Tiny Titans, Enormous Disappointment

Tiny Titans #1If you look in the pull list discussion from last week you’ll see that DC Comics’ Tiny Titans by Art Baltazar and Franco was one of my most anticipated comic books of the week. I’m a huge fan of the Titans in all forms as well as the toddlerization of well known characters (see: Muppet Babies). I also am a fan of comic strips.  I was hoping for an entertaining mix of all of these elements into a comic book made just for me.

No dice.

Now, in the book’s defense, it was clearly marketed as being for kids and even though I am a very large kid most of the time, I am not the target audience for this book. But the problem is that this book doesn’t seem to be for kids, either. The stories require at least a cursory knowledge of the characters and their relationships. One of the jokes depends on you knowing that Deathstroke is Ravager’s father.

So I have to ask — who is this book for, exactly?

Not having kids (that I am aware of) I can only use myself as an example.  When I was 5 or 6 years old I was avidly reading G.I. Joe comics. I was reading comic books (of all kinds) well before then but I have definitive memories of passing G.I. Joe comics around between my friends in kindergarten, so I’ll use that as a benchmark. The level of complexity to the stories in Tiny Titans is more analogous to See Spot Run than G.I. Joe, which makes me wonder if this is a comic book meant for children who have just learned to read. But is a child who has just learned to read going to laugh because Trigon is the new substitute teacher at a school for sidekicks?

Another weird thing about this comic book is that the paper stock is of a much lower grade than modern day comics. This allows for a lower, $2.25 price tag which would indicate this comic is… what? More kid friendly? The age level this comic appears to be geared towards is going to have a comic book purchased for them by an adult and I’m not sure what the 75 cent difference between this and a normal comic book is going to mean. Or maybe it’s on rougher paper stock to allow for Crayon coloring (there is a maze activity page in the back) but if that is the case, they really missed out by not putting a black and white “color me!” page in the back of the book.

Going into this book I was hoping for a DC version of Mini Marvels or of Chris Eliopoulos’ Franklin Richards series. A cartoony comic book that both kids and adults could enjoy. Instead, Tiny Titans is a book that is way too thin. There is no “there” there. There’s nothing to latch onto. Gordon the Intern said it well in his review of the book – even little kids like stories, and there just isn’t enough of a story in Tiny Titans.

Tiny Titans in school!I don’t like to be completely negative so I will say that the cartooning from Art Baltazar is fantastic. His characters are funny and have great expressions. He perfectly captures each Titan in mini form. I love the little touches — like a lowercase “r” on Robin’s chest. It’s a great looking book. And the concept itself is great! Tiny versions of the Titans crossing all eras — from the originals (Robin, Wonder Girl, Speedy, Kid Flash, Aqualad) to the Wolfman/Perez era (Cyborg, Changeling, Starfire, Raven) to the current team (Miss Martian, Ravager, Kid Devil, Wonder Girl) and even a guest star (Batgirl) — and they all attend school together. This is ripe for all ages fun!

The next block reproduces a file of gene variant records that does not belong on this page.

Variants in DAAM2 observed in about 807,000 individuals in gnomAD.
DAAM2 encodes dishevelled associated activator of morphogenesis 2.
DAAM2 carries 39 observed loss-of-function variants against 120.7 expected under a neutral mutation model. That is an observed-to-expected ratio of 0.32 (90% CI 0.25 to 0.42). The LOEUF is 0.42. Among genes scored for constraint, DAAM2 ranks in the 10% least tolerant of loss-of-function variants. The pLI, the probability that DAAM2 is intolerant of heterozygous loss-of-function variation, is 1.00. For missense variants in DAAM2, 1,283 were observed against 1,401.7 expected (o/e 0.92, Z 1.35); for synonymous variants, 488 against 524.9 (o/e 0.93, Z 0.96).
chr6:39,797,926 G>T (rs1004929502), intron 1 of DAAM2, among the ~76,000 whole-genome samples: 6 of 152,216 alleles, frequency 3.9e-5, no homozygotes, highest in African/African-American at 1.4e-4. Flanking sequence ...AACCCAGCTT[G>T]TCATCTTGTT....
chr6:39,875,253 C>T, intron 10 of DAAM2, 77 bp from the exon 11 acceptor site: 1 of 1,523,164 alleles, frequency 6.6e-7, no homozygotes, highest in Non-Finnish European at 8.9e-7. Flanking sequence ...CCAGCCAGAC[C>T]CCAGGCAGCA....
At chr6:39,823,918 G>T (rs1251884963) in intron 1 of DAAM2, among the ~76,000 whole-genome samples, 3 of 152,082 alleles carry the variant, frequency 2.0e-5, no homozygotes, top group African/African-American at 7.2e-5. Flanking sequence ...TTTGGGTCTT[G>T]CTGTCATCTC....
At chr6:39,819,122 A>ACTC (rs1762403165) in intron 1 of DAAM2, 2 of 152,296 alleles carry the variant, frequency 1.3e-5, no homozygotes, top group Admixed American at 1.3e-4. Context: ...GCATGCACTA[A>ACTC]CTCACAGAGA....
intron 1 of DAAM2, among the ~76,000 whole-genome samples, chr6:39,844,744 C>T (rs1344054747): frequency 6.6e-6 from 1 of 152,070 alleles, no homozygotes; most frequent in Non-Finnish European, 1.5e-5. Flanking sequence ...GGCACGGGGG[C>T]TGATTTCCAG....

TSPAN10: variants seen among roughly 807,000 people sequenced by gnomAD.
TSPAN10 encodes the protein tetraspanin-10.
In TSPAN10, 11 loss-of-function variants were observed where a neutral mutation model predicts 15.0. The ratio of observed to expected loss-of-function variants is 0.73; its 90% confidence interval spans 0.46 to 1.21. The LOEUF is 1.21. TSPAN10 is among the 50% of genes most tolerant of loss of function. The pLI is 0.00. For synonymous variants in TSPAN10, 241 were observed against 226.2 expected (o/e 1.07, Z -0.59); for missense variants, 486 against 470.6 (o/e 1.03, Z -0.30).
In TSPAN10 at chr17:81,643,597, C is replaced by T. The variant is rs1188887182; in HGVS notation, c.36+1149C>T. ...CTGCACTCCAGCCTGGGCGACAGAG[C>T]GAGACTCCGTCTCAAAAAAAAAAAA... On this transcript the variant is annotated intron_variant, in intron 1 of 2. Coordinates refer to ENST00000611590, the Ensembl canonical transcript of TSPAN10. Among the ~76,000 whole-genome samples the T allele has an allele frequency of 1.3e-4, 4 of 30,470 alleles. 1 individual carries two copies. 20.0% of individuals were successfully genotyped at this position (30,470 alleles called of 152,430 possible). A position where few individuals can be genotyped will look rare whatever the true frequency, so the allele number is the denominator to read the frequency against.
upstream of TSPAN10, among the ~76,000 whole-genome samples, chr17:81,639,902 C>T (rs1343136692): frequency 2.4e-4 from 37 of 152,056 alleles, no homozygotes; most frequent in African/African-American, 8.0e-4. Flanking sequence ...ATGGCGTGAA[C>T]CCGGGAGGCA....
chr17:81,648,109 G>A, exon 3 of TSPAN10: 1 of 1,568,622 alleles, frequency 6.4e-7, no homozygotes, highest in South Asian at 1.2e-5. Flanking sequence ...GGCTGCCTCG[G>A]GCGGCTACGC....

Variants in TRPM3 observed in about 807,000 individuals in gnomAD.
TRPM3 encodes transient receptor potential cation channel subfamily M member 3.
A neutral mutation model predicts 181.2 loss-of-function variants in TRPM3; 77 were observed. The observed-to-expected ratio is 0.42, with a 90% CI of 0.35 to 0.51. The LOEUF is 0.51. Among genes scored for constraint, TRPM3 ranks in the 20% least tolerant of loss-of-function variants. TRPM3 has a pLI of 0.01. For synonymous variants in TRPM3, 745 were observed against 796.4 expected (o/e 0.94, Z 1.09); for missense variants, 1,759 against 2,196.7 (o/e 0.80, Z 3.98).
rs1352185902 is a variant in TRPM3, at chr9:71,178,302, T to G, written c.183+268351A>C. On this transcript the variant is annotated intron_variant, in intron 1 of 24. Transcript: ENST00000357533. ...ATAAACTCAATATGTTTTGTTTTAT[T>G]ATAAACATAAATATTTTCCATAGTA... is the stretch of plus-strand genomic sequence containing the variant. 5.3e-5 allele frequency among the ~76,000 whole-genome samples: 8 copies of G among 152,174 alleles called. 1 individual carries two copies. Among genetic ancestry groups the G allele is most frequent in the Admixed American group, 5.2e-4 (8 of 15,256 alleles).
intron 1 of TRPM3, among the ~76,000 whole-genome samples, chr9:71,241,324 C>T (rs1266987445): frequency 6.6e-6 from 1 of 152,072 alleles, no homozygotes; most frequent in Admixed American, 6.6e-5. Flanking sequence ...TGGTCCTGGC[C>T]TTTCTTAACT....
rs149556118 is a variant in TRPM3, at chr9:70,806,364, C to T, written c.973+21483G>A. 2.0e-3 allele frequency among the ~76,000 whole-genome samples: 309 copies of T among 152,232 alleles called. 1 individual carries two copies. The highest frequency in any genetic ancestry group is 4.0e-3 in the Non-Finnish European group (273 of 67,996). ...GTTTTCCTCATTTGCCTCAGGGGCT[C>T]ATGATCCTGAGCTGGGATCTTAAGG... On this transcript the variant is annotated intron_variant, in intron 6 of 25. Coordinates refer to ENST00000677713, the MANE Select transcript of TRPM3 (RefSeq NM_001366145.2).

All of the elements are there for me to fall in love with this book but in the end it was probably the biggest disappointment I’ve had in comics in a long while. I haven’t looked forward to a book so much and have it so miss the mark of what I was hoping it would be. Like Gordon the Intern, I’ll give this book one more shot to see if DC can figure out just who this book is for, exactly, because I don’t see a lot of toddlers in the comic shops. We talk a lot around here about getting more kids to read comics but this might be going to far in that direction.


  1. Maybe I wasn’t as disappointed, but I sure agree on many of these points. I liked the more extended stories with Batgirl and the one about Cassie’s costume, but with the shorter ones I found myself saying, "Okay, so what’s the point?" They didn’t have enough punch to the punchline to make them work. I too was confused about who this was targeted at. Again the longer stories I think could be considered "all-ages" and entertaining, but the short ones, as you rightly pointed out, require a pretty good knowledge of the Titans to get. For once I think this book is hurt a bit by the fact that Baltazar and Franco are Titans fans (I read a Newsarama interview with them about the book), and basically writing this first issue for themselves.

    While I think a lot of this first issue fell flat, the stuff I liked gave me hope that they’ll work out the bugs eventually.

  2. I read this in store and while I was impressed with the design of the characters I just couldn’t force myself to purchase a copy.  The stories, as everyone else has said, were virtually nonexistent.  If you love great design this book may suit your needs, but if you need a story, forget about it.

  3. I’m actually baffled that anyone thought this would be worth reading, much less actually buying.  It never would have occured to me that a book like this would have an audience anywhere on the planet.

    Of course, I said a similar thing about the Muppet Babies and I still believe whoever conceived the X-Babies should be imprisoned and tortured regularly at Gitmo.

    I just don’t get it.


  4. If you read classic Uncle Scrooge comics by Carl Barks you’ll get adventure and gag filled stories that are still hugely popular in Europe and enjoyed by kids and adults.  I think that’s the hoped for appeal.  Franklin Richards is a pretty good example.


  5. I read the banner headline for this story before I had a chance to read it myself, so I quickly looked away. Well, now that I’ve had a chance to read throught the issue, I have to say I pretty much agree.